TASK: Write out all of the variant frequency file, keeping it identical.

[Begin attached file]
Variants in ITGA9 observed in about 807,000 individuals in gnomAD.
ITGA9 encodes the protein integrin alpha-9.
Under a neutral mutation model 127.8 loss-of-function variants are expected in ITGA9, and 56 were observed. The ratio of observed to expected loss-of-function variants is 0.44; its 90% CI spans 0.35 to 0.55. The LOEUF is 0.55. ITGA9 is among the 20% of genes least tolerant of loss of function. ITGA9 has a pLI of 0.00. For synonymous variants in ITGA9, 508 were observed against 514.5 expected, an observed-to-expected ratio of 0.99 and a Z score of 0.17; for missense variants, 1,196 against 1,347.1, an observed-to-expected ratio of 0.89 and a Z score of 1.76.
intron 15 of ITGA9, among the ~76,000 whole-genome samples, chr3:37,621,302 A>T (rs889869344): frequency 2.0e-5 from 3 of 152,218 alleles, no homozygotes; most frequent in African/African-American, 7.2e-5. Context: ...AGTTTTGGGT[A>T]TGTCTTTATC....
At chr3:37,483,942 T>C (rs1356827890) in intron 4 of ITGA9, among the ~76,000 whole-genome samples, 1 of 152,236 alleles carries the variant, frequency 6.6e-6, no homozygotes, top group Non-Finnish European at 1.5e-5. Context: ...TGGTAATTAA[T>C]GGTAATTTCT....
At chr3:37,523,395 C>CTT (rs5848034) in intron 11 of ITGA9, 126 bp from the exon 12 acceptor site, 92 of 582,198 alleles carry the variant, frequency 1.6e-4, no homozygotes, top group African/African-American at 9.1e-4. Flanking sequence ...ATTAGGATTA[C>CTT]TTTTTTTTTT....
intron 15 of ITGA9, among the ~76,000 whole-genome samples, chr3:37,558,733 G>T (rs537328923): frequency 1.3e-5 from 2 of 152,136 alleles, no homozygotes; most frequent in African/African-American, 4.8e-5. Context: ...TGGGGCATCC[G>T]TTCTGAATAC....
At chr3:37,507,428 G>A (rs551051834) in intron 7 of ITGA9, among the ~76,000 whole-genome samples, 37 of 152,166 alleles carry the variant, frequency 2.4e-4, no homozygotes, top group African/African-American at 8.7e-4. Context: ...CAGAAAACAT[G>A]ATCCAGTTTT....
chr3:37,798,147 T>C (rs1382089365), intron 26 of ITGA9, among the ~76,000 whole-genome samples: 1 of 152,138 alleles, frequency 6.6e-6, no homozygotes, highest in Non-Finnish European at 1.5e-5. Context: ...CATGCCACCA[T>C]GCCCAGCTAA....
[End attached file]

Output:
Variants in ITGA9 observed in about 807,000 individuals in gnomAD.
ITGA9 encodes the protein integrin alpha-9.
Under a neutral mutation model 127.8 loss-of-function variants are expected in ITGA9, and 56 were observed. The ratio of observed to expected loss-of-function variants is 0.44; its 90% CI spans 0.35 to 0.55. The LOEUF is 0.55. ITGA9 is among the 20% of genes least tolerant of loss of function. ITGA9 has a pLI of 0.00. For synonymous variants in ITGA9, 508 were observed against 514.5 expected, an observed-to-expected ratio of 0.99 and a Z score of 0.17; for missense variants, 1,196 against 1,347.1, an observed-to-expected ratio of 0.89 and a Z score of 1.76.
intron 15 of ITGA9, among the ~76,000 whole-genome samples, chr3:37,621,302 A>T (rs889869344): frequency 2.0e-5 from 3 of 152,218 alleles, no homozygotes; most frequent in African/African-American, 7.2e-5. Context: ...AGTTTTGGGT[A>T]TGTCTTTATC....
At chr3:37,483,942 T>C (rs1356827890) in intron 4 of ITGA9, among the ~76,000 whole-genome samples, 1 of 152,236 alleles carries the variant, frequency 6.6e-6, no homozygotes, top group Non-Finnish European at 1.5e-5. Context: ...TGGTAATTAA[T>C]GGTAATTTCT....
At chr3:37,523,395 C>CTT (rs5848034) in intron 11 of ITGA9, 126 bp from the exon 12 acceptor site, 92 of 582,198 alleles carry the variant, frequency 1.6e-4, no homozygotes, top group African/African-American at 9.1e-4. Flanking sequence ...ATTAGGATTA[C>CTT]TTTTTTTTTT....
intron 15 of ITGA9, among the ~76,000 whole-genome samples, chr3:37,558,733 G>T (rs537328923): frequency 1.3e-5 from 2 of 152,136 alleles, no homozygotes; most frequent in African/African-American, 4.8e-5. Context: ...TGGGGCATCC[G>T]TTCTGAATAC....
At chr3:37,507,428 G>A (rs551051834) in intron 7 of ITGA9, among the ~76,000 whole-genome samples, 37 of 152,166 alleles carry the variant, frequency 2.4e-4, no homozygotes, top group African/African-American at 8.7e-4. Context: ...CAGAAAACAT[G>A]ATCCAGTTTT....
chr3:37,798,147 T>C (rs1382089365), intron 26 of ITGA9, among the ~76,000 whole-genome samples: 1 of 152,138 alleles, frequency 6.6e-6, no homozygotes, highest in Non-Finnish European at 1.5e-5. Context: ...CATGCCACCA[T>C]GCCCAGCTAA....